Homemade Houseboat layout?
I had posted a question about outboard motors on a homemade houseboat, and you Boat-Designers were so helpful. (We’re considerably reassured as to the possibility of high-thrust 4-stroke outboards, despite the initial expense. The ease of installation and maintenance just seemed too good to pass up.) Of course, the reward for a job well-done is…. another job. So here’s another question.
We’ve decided we’re tired of building pontoon segments, so we’re thinking to cut the originally planned 56x16 down to 48x16. The question is about what to put in that 48 feet. We’d appreciate thoughts on layout.
A cruising sailor suggests putting the saloon and galley toward the stern, reasoning that people sit out on the rear deck in the evening, swinging on the hook in the lee of the wind, and that’s where we’ll spend much of our time. Having galley and seating space close by where the party is, he says, is an important consideration. Besides, he points out, “ You won’t want dripping grandchildren traipsing through your bedroom on their way to the head.” He recommends having a small comfortable seating area- maybe a futon- forward, just aft of the steering station, transformable to sleeping space for occasional guests, and head/storage/laundry/bedroom occupying the middle third.
We figure to have a stairway along one side (up, over the bedroom, and back down) leading to the top deck and flybridge.
How does that sound to you experienced folk? Most houseboats seem to be configured so that the saloon/galley are forward, with the steering station, and the bedrooms and heads aft. Is there a reason for that, or simply tradition?
I look forward to hearing your recommendations.
a good primer on houseboats is "Handmade Houseboats: Independent Living Afloat" by Russell Conder (ISBN 0071580220). it's 240 Pages cover the basics of houseboat history and design. a large portion of the book covers starting point ideas on planning the various aspects of the 'house' building. it's worth the $20.
Technically there is no reason for a houseboat to have a "front" or "back" when at anchor. I would make it so I could anchor it either way, depending on wind, view, fondness for my neighbors and many other reasons.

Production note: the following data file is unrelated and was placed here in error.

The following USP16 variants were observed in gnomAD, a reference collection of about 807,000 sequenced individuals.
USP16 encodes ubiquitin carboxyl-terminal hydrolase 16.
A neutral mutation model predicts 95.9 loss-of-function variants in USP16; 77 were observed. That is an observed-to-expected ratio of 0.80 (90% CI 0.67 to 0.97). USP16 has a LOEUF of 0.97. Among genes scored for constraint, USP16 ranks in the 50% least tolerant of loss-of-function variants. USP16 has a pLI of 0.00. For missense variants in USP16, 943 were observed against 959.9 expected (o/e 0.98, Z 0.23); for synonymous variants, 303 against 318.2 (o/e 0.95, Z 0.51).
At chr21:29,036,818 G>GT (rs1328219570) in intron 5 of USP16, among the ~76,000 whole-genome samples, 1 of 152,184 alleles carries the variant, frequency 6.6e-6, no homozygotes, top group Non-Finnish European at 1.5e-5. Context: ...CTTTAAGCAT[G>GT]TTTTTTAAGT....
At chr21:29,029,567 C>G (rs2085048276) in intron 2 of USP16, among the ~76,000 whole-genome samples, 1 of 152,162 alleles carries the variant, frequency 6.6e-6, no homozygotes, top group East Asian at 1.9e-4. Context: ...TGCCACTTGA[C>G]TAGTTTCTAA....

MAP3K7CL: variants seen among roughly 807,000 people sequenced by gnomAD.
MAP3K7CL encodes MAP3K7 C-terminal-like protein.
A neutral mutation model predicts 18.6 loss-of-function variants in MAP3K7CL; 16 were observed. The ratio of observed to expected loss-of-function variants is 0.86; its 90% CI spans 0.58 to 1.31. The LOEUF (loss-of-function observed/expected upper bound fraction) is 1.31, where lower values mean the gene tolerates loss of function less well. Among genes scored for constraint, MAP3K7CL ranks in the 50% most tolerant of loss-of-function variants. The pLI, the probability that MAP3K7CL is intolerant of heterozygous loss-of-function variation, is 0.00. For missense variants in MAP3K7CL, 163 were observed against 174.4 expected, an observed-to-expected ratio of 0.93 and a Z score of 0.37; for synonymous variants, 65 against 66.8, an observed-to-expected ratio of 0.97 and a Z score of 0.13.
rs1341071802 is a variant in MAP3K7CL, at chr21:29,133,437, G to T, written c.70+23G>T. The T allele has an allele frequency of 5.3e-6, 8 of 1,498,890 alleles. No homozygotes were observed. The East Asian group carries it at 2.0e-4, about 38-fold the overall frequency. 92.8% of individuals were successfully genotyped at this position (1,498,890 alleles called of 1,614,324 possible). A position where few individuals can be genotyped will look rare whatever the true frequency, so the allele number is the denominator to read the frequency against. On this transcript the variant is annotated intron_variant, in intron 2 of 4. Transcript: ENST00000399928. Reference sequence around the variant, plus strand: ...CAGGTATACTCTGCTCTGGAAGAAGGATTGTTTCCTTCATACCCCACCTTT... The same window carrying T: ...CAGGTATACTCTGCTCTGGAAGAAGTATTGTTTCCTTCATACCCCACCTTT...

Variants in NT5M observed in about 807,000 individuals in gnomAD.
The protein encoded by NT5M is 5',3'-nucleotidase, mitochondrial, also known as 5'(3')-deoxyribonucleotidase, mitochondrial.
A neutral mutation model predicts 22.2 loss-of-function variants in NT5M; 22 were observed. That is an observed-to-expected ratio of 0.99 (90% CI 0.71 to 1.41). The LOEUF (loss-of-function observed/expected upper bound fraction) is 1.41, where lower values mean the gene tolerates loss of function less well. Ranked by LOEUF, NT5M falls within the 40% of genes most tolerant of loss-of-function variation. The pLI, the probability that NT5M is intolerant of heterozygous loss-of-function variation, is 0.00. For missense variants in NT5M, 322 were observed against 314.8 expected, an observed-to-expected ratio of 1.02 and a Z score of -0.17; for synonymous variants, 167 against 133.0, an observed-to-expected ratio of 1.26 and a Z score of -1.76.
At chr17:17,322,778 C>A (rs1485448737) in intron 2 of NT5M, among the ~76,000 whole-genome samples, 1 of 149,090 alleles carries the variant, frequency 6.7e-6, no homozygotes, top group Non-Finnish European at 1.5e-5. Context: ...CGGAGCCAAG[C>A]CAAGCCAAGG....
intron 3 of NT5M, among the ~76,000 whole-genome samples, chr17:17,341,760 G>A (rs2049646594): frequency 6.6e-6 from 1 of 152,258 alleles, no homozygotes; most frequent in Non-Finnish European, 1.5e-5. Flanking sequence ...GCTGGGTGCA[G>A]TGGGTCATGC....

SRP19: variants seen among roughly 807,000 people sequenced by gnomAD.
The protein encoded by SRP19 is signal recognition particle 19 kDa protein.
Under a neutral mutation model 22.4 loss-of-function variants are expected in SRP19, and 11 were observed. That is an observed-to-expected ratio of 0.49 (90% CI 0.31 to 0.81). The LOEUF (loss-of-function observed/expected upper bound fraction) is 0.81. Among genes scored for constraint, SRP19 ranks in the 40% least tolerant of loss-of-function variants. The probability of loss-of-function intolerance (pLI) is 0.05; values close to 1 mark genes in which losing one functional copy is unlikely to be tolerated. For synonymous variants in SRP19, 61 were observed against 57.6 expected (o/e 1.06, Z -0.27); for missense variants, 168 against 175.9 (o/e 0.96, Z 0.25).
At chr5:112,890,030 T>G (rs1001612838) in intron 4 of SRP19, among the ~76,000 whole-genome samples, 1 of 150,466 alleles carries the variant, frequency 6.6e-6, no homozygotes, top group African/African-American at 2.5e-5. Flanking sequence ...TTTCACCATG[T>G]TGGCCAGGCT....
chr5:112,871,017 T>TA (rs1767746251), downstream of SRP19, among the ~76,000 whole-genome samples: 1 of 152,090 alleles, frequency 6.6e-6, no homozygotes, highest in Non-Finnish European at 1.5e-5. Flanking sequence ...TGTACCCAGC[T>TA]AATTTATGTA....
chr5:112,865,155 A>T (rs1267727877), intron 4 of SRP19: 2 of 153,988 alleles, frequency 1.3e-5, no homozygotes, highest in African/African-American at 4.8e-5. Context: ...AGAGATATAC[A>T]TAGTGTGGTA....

As to which accomodation is forward under power. It is dependant on the typical use and the area of operation.
I have seen galley salon areas swamped by a foot of water when an unexpected wave comes surfing through a forward sliding glass door.
On a lake in the Arizona desert, there is little summer wind so some effort is made to funnel in as much wind as possible.
Consider all the environmental aspects of your area. Better yet, rent some different boats and try them out. Or befriend others who are doing the same thing. They will have a story or two for you.
I am betting that will clarify a few things for you.
The fact is most power yachts are used mostly as houseboats, whether their owners would admit it or not. It is not altogether different, you just have the added luxury of another entranceway.
Understand that my opinion is based on many years of sailing and cruising with only a very small amount of that time spent on houseboats.
Joe, our 'Handmade Houseboats' book is so dog-eared we're going to have to eventually shell out for another. Or write our own sequel to it.
DG, Thanks! Hm. Hadn't considered the swamping thought. We do intend to try to rent a houseboat for a couple of days sometime after the 'high' season, to see if this whole project was a good idea or not. As our home waters, the Albemarle Sound and tributaries, can sometimes kick up a pretty fair chop, we'll probably stick to anchoring pointy-end forward-- understand being 'pooped' is a good way to ruin one's day.
The layout you describe in your first post is about what I'd think to put in such a craft, too. Having a big forward area open is nice in calm, but when the seas whip up it's nice to have a full wall in front of you. If you like the forward-common-areas layout, put the door to the bow in the side, rather than in the front, so you don't take as much spray/waves into the boat. This layout does keep the captain in the middle of the party, which can be fun, but it's good to have the bar (if you install one) somewhere away from the wheelhouse. Having the separated layout gives people the choice of a quieter environment in the wheelhouse and a more raucous party aft.
The helm needs to be forward of course, and having some convertible seating up there is good as captains do get lonely otherwise. I would put large sliding side windows, and an outward-swinging door to the bow.
Having a galley and saloon aft is quite convenient- I'd suggest a big pair of sliding glass doors to the aft deck, leaving a nice wide passage when open. You might lay it out so the aft deck and galley/saloon act as one room when the doors are open.
One of the nice things about having sleeping etc. in the middle is that this area of the boat has the least violent pitching motions and so is a lot more comfortable than the bow or extreme stern when you're trying to sleep in wavy weather.
M. B. Marsh Design
The Marsh Fleet: Small-craft cruising on the waterways of Ontario and beyond
Amelia and all,
I have recently designed a series of "floating homes" for Flagler Beach Marina in Flagler Beach, Florida (just south of St. Augustine) which you might find of interest. I have just posted information on my website at:
We call these floating homes because they do not have propulsion power. They are meant to me moored only in a marina. By not having installed power, the purchase price and maintenance costs are considerably lower. To move them, they could be towed or powered by a smaller boat tied alongside.
I hope you find these of interest. Let me know if you have any questions.
Eric W. Sponberg
Sponberg Yacht Design Inc.
St. Augustine, Florida
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